Mechanically, this new adventure plays out just like older entries in the franchise with a school year system – not too dissimilar to that found in Persona 5 – where you’ll split your time between class activities which see you socialise and get to know the new cast of characters (as well as reuniting with familiar faces from the past) and hitting the game’s dungeons for special field investigations where combat and exploration are the order of the day. However, as much as the ebb and flow of proceedings is the same, Trails of Cold Steel III also introduces a number of new mechanics to its already highly-engaging turn-based combat, with a Break System and Brave Order now folded into the mix.
The Break System sees enemies adorned with break gauges which, when drained via your attacks, forces them into a “break state” rendering them useless for one attack turn and opening them up to taking much more damage. Brave Order, on the other hand, allows characters to give a host of party-wide orders that grant all-manner of buffs that can really swing things in your favour if used at the right time; getting to grips with these new additions to the combat makes for some properly meaty and delightfully strategic battles. Stringing team attacks together, deploying crafts and arts and moving your team around the battlefield in order to dominate your foes really is addictive and satisfying stuff.
Your character’s various special attacks and combo moves all look pretty spectacular in action and there’s an impressive amount of variety in the enemies you get to test your mettle against; the game constantly introduces new foes as you journey across its world and throws some delicious boss battles into the mix to keep you on your toes. Switch players also get a bunch of fun cosmetic items to customise their team with, the cherry on top of what is an impressively solid Switch port of an absolutely humongous game.
During our time with Trails of Cold Steel III we didn’t encounter any noticeable framerate issues; even during some of the more spectacular skirmishes and the whole thing runs at a solid 30fps/720p in both docked and handheld modes. If you’re coming off playing this one on PS4 you’re obviously going to notice that drop in resolution and framerate, but otherwise this a solid job all-round and a game that really does suit playing in portable where you can whittle down that intimidating running time where and when you get a chance. (In this regard there’s also a turbo speed mode included which you can toggle at will in order to quicken traversal and mow your way through lengthy periods of exposition).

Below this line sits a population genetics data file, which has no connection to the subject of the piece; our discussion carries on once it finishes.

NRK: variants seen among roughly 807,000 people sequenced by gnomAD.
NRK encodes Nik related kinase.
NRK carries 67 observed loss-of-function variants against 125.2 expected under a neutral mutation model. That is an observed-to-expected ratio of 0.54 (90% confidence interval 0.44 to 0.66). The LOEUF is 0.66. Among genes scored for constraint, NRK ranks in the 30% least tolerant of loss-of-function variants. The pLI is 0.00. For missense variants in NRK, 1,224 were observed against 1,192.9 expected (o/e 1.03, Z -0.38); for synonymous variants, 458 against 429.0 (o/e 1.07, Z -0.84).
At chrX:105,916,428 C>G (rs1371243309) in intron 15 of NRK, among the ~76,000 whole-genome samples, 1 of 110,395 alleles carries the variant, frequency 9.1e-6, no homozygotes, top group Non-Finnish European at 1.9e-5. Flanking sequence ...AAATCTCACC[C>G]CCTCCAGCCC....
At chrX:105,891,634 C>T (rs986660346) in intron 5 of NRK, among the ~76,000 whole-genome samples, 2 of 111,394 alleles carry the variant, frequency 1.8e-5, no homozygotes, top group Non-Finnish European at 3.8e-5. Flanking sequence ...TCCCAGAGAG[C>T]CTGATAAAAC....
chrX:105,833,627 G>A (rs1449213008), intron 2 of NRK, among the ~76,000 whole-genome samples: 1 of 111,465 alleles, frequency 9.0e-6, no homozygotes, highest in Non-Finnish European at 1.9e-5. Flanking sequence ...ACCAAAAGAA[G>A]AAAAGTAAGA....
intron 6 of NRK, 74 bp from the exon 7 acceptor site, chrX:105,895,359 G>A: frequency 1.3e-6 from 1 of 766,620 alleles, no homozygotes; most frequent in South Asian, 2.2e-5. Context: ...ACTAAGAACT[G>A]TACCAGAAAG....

It might not be the most graphically outstanding JRPG you’ll ever play and, outside of combat, dungeons have a tendency to look fairly drab – as well as being re-used heavily early doors – but it certainly does enough and the often explosive combat looks particularly nice when played on the Switch’s handheld screen.
For fans of the series, this is the best entry yet as far we’re concerned and, as we mentioned, although we still think playing the first and second Trials of Cold Steel games is a worthwhile endeavour for potential new players, there’s still plenty here to enjoy even if it’s your very first time jumping into this massive franchise. There’s a huge amount of content here with an epic story jam-packed full of twists and turns and well-written characters sat alongside some excellent turn-based combat.
Trials of Cold Steel III is another excellent addition to a franchise that gains so much of what makes it absorbing from the huge amount of background detail and world-building that’s been achieved in earlier entries in the series. Newcomers should be aware that taking the time out to play Trials of Cold Steel I and II is advised to get the absolute maximum amount of enjoyment out of this one but, even if you’re jumping in fresh, there’s still plenty to love here once you find your feet. With a massive cast of well-written characters and tons of excellent combat and exploration spread across its epic running time, this is a top-notch addition to the Switch’s library of JRPGs.